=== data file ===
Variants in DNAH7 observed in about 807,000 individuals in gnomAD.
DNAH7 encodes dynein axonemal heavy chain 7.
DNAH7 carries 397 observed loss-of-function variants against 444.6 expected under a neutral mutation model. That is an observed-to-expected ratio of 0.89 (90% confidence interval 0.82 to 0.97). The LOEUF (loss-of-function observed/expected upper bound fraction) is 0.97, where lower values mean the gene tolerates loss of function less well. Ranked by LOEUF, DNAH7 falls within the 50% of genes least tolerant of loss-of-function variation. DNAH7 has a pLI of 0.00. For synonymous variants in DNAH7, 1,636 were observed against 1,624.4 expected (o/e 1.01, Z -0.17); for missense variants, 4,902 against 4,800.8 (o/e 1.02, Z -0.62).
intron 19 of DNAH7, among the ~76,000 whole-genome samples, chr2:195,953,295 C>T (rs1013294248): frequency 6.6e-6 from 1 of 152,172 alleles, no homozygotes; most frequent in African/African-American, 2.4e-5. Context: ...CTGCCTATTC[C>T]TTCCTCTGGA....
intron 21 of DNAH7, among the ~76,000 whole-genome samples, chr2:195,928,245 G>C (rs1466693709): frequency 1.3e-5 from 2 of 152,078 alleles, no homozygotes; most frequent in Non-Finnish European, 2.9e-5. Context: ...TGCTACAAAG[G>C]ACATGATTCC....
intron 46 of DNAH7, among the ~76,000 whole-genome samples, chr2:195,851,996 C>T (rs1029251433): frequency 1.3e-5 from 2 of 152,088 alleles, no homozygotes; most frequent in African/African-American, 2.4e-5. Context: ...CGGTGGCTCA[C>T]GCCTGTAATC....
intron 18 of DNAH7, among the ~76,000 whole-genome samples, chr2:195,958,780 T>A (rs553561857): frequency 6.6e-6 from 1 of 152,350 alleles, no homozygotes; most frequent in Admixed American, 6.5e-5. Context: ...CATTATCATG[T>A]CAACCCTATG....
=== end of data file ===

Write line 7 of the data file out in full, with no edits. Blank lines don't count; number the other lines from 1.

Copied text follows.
intron 18 of DNAH7, among the ~76,000 whole-genome samples, chr2:195,958,780 T>A (rs553561857): frequency 6.6e-6 from 1 of 152,350 alleles, no homozygotes; most frequent in Admixed American, 6.5e-5. Context: ...CATTATCATG[T>A]CAACCCTATG....